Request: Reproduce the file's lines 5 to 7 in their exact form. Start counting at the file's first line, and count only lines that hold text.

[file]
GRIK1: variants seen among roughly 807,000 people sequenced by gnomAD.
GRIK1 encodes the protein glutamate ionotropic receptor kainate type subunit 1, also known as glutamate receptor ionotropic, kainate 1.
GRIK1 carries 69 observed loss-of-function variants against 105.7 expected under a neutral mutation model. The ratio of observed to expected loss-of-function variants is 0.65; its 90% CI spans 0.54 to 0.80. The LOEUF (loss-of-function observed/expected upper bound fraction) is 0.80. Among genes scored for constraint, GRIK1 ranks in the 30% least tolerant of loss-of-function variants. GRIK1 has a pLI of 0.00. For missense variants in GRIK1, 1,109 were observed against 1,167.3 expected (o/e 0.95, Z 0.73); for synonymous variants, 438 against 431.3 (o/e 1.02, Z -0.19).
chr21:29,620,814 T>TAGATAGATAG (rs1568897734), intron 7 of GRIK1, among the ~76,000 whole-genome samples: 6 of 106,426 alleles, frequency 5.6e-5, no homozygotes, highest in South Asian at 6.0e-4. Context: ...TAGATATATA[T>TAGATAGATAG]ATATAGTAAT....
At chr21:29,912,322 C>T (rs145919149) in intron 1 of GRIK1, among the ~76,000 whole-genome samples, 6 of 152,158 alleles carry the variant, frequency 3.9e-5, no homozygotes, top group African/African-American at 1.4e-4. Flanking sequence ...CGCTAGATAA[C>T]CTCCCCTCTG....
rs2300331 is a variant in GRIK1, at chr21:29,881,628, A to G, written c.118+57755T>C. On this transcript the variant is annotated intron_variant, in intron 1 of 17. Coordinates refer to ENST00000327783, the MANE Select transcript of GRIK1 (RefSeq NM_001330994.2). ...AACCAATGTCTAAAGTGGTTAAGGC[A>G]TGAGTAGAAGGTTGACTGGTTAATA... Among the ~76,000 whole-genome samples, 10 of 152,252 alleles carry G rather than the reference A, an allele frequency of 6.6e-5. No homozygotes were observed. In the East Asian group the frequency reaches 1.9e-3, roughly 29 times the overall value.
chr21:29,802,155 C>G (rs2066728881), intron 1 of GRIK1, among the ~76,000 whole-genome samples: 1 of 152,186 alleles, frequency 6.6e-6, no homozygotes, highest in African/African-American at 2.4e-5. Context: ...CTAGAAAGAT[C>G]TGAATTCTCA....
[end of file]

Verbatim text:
At chr21:29,912,322 C>T (rs145919149) in intron 1 of GRIK1, among the ~76,000 whole-genome samples, 6 of 152,158 alleles carry the variant, frequency 3.9e-5, no homozygotes, top group African/African-American at 1.4e-4. Flanking sequence ...CGCTAGATAA[C>T]CTCCCCTCTG....
rs2300331 is a variant in GRIK1, at chr21:29,881,628, A to G, written c.118+57755T>C. On this transcript the variant is annotated intron_variant, in intron 1 of 17. Coordinates refer to ENST00000327783, the MANE Select transcript of GRIK1 (RefSeq NM_001330994.2). ...AACCAATGTCTAAAGTGGTTAAGGC[A>G]TGAGTAGAAGGTTGACTGGTTAATA... Among the ~76,000 whole-genome samples, 10 of 152,252 alleles carry G rather than the reference A, an allele frequency of 6.6e-5. No homozygotes were observed. In the East Asian group the frequency reaches 1.9e-3, roughly 29 times the overall value.
chr21:29,802,155 C>G (rs2066728881), intron 1 of GRIK1, among the ~76,000 whole-genome samples: 1 of 152,186 alleles, frequency 6.6e-6, no homozygotes, highest in African/African-American at 2.4e-5. Context: ...CTAGAAAGAT[C>G]TGAATTCTCA....